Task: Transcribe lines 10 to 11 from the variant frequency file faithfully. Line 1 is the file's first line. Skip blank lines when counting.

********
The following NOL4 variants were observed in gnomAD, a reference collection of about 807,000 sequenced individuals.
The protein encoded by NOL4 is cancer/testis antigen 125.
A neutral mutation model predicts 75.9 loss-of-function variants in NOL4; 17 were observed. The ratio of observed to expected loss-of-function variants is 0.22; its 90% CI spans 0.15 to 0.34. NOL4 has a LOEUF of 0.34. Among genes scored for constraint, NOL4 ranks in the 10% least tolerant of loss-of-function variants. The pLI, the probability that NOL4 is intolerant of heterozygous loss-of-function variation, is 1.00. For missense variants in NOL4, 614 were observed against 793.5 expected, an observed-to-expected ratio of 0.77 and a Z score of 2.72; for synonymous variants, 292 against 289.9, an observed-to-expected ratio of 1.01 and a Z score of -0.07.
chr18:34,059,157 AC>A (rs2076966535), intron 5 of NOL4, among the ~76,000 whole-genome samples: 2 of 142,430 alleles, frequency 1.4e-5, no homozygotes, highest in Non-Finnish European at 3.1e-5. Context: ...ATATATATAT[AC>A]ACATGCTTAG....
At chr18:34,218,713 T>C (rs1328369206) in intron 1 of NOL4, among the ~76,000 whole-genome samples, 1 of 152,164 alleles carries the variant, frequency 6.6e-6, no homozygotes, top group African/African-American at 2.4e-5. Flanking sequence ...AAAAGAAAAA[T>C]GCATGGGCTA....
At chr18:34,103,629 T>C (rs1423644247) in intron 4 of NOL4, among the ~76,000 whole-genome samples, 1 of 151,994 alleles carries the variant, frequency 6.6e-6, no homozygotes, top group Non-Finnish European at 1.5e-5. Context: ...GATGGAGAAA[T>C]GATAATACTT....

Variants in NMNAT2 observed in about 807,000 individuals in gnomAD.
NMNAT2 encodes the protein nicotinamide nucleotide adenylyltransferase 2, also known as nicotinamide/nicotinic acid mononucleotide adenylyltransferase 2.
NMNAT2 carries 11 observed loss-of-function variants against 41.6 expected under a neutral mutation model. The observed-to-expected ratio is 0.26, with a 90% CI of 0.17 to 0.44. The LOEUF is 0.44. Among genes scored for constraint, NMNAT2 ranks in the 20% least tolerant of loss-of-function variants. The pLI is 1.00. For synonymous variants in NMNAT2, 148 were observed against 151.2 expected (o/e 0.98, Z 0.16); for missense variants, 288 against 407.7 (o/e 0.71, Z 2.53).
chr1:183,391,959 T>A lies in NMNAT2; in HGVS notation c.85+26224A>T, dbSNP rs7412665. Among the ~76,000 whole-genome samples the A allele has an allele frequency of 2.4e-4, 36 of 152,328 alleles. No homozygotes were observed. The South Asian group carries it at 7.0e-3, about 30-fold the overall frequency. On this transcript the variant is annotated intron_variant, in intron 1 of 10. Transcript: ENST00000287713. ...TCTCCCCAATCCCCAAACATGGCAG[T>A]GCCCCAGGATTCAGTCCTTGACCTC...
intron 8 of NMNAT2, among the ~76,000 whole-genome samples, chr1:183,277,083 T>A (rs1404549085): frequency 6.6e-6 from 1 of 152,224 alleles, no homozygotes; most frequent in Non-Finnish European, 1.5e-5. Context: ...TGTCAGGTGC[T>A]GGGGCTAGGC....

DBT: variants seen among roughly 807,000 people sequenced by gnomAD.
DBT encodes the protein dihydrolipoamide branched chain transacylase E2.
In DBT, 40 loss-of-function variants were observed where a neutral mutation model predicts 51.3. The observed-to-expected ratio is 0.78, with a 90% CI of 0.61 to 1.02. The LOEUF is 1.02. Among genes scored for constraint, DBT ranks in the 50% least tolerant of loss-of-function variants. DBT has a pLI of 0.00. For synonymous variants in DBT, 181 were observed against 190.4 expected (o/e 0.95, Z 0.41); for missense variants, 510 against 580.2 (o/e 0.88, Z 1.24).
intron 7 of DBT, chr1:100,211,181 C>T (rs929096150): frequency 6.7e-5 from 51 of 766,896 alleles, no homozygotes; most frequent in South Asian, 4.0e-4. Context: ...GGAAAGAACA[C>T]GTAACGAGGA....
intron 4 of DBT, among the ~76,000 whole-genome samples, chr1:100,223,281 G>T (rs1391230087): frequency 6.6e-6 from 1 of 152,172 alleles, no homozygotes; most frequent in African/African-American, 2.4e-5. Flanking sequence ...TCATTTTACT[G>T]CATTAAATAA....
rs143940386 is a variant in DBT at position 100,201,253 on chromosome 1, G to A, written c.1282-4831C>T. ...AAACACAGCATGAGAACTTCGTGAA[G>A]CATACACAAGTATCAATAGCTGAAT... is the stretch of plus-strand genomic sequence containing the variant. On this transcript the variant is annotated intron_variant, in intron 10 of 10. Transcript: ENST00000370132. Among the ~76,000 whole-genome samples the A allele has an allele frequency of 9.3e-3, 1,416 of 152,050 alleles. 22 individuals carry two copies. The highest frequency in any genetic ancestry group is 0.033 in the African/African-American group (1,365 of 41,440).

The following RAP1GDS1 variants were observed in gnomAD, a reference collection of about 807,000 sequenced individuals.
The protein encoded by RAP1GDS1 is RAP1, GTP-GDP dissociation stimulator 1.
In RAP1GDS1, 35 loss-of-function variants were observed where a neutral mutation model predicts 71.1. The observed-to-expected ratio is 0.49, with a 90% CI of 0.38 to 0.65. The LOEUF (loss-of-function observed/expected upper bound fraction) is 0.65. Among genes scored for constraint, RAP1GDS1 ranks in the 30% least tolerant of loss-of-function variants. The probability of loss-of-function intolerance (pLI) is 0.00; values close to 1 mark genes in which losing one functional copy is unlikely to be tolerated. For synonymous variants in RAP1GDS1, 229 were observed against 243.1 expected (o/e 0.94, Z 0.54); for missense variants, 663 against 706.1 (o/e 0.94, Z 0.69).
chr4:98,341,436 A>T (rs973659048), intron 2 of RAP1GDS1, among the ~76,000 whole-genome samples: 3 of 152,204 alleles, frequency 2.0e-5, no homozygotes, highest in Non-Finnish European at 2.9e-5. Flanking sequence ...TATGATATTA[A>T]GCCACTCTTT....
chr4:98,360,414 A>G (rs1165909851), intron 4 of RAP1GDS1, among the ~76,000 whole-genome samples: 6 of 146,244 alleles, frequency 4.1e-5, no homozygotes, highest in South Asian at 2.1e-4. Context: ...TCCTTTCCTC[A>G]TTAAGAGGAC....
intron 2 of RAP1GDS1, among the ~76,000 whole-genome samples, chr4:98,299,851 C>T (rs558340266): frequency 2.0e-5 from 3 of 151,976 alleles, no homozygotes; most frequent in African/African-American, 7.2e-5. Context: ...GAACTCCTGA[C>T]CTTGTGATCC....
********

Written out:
chr1:183,391,959 T>A lies in NMNAT2; in HGVS notation c.85+26224A>T, dbSNP rs7412665. Among the ~76,000 whole-genome samples the A allele has an allele frequency of 2.4e-4, 36 of 152,328 alleles. No homozygotes were observed. The South Asian group carries it at 7.0e-3, about 30-fold the overall frequency. On this transcript the variant is annotated intron_variant, in intron 1 of 10. Transcript: ENST00000287713. ...TCTCCCCAATCCCCAAACATGGCAG[T>A]GCCCCAGGATTCAGTCCTTGACCTC...
intron 8 of NMNAT2, among the ~76,000 whole-genome samples, chr1:183,277,083 T>A (rs1404549085): frequency 6.6e-6 from 1 of 152,224 alleles, no homozygotes; most frequent in Non-Finnish European, 1.5e-5. Context: ...TGTCAGGTGC[T>A]GGGGCTAGGC....